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Obituary: Parnelli Jones, the great American motor-racing all-rounder, 1933-2024


If he wasn’t the greatest American driver of his generation, Rufus ‘Parnelli’ Jones was surely a candidate. This brilliant all-rounder, who died on June 4, 2024 aged 90, was a threat regardless of discipline. He was the man to beat on ovals whatever the surface or venue, and proved just as handy racing with a roof over his head. Jones was also a prolific winner off-road, in hillclimbs, and heaven knows what else besides. If that wasn’t enough, he was a garlanded team owner. Such were his achievements as a wheelman, the latter part of his career tends to be overshadowed, or at the very least not appreciated as much as it should.

Jones rarely competed outside of his homeland, which ensured that his name wasn’t revered on the global stage. It deserved to be, given that he raced wheel to wheel with the cream of the international crop during the 1960s and into the ’70s. He often bested them. Born on August 12, 1933, in Texarkana, Arkansas, Jones was named in honour of a local dignitary, Judge Rufus Parnell. His family upped sticks and moved to Torrence, California, when he was seven, and ten years later he was illegally racing on dirt ovals. Jones lied about his age and accordingly adopted an alias, pal Billy Calder daubing ‘Parnellie’ on the door of his ’34 Ford. 

This was subsequently shortened to Parnelli, and Jones soon joined that rarefied elite of sportsmen and women for whom only one name signifies instant recognition. In short order, he claimed more than 100 wins in jalopies, before graduating to NASCAR’s Pacific Coast Late Model Series in which he racked up 15 victories. This brought him to the attention of team owner Vel Miletich in 1956. Their names would soon became intertwined, Jones going on to claim three successive USAC Sprint Car titles in 1960-62. His tally of 25 Feature wins was matched by his number of triumphs aboard Midgets.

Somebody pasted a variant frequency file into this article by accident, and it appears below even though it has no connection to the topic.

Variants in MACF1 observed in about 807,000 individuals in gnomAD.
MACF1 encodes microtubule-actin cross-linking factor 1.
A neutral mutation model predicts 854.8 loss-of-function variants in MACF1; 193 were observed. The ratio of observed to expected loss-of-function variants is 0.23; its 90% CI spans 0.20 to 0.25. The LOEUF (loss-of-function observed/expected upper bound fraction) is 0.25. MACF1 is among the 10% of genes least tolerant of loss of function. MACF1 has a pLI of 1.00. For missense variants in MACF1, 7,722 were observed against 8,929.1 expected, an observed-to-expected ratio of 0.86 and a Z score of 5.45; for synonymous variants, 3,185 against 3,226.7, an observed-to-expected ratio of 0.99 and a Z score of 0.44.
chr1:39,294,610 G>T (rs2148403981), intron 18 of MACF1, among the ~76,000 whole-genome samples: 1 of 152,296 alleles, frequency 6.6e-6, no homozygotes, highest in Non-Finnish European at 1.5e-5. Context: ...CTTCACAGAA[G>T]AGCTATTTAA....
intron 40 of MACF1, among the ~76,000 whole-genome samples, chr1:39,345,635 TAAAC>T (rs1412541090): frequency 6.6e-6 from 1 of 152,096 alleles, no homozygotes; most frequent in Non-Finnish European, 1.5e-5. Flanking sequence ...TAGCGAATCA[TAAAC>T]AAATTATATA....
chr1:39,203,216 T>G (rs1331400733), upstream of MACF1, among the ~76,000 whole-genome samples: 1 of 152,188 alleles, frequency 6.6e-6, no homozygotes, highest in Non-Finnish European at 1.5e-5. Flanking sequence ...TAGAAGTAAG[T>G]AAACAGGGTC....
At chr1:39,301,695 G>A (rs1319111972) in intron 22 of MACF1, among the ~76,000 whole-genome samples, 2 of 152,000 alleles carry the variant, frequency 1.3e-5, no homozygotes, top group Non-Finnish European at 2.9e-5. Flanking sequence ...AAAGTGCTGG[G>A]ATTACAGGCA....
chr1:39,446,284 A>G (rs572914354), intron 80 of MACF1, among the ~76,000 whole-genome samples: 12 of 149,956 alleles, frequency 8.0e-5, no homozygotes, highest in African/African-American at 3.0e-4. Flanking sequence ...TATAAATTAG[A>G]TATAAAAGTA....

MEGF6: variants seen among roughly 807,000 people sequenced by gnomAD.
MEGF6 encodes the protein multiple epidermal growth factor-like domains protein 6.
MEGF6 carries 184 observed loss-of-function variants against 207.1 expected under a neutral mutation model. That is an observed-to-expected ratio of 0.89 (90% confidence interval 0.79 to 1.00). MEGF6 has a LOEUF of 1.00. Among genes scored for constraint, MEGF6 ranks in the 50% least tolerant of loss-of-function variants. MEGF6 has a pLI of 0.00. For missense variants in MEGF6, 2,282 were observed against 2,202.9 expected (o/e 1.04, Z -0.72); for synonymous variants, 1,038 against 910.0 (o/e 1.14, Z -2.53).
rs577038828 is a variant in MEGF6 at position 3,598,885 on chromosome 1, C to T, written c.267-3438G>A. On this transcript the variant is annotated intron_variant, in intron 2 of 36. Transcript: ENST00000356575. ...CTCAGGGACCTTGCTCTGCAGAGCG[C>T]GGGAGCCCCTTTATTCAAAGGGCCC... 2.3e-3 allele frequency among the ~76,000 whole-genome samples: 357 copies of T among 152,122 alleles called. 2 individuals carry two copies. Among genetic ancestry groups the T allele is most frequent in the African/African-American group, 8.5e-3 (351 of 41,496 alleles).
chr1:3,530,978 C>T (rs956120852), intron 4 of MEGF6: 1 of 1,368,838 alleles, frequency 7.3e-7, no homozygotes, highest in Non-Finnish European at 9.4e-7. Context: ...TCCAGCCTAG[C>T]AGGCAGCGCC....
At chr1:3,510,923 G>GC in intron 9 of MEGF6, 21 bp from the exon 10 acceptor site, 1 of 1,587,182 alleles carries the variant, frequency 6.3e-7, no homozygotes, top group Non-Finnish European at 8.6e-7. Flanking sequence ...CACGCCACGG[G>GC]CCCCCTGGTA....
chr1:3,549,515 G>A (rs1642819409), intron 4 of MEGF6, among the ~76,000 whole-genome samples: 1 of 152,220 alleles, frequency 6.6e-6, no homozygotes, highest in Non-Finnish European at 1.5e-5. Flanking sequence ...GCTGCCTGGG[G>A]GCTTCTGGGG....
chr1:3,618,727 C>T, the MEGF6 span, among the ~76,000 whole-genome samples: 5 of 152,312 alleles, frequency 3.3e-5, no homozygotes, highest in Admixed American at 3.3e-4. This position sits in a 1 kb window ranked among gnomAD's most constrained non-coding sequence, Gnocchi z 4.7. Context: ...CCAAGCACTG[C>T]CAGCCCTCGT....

Parnelli Jones’ in his’ Mercury at the 1965 Riverside 500.

Promotor JC Agajanian brought this young phenom to The Brickyard in 1961. Jones qualified fifth for his first tilt at the Indianapolis 500, and he led for 27 laps. Despite his car losing a cylinder, and with blood filling his goggles after his face was struck by a piece of metal, he came home 12th. Two years later, this toughest of toughnuts won in his Roadster ‘Ol’ Calhoun’ despite it leaking oil, this being the year that Jim Clark had famously been a threat for victory aboard his Lotus ‘funny car’. Black flags had been conspicuously absent, but Jones’ luck deserted him in 1967. He came within three laps of winning again, only to retire his STP-Paxton turbine car after a ‘six-dollar transmission bearing’ failed. 

A few years earlier, he had excelled in a Lotus during sporadic outings, and Colin Chapman offered him a Works drive for as long as he wanted, wherever he wanted. Ever astute, Jones reasoned that he would play second fiddle to Clark (who was also a Jones fan). And besides, it would require taking a significant pay cut. He quit driving single-seaters in 1967, having competed in a reduced schedule after marrying his great love Judy, but he wasn’t about to hang up his helmet completely.

Jones had already bagged three USAC Stock Car titles (1960-62), and he became a frontrunner in Trans-Am. His hard-charging drives aboard bright orange Bud Moore Ford Mustangs further bolstered his legend, Jones claiming five wins from 11 starts in 1970 alone.

Off-piste, he won the 1963 International Pikes Peak Hill Climb in a Bill Stroppe-built Mercury Marauder, and later the Mexican 1000 off-road race (twice), in addition to the Baja 400 and Mint 500. 

In truth, it’s easier to list disciplines in which Jones didn’t stand out, if not dominate. As a team owner, Vel’s Parnelli Jones Racing participated in everything from off-road events to Formula 5000 via drag racing and Champ Car. It also sealed 1970-71 Indy 500 honours. Only success in Formula 1 eluded the team, Mario Andretti driving for the squad from late 1974 to early ’76. There were a few points finishes, but racing in Europe was clearly a distraction. 

Jones and arch-rival AJ Foyt joined forces in 1978, which in time led to ‘Super Tex’ assuming complete control. Vel’s Parnelli Jones Racing was shuttered after it had claimed 53 Champ Car wins. And while subsequent generations of Jones would race, and not without success (and incident), there was only ever one Parnelli.  

Parnelli Jones with the 1972 Viceroy Special.

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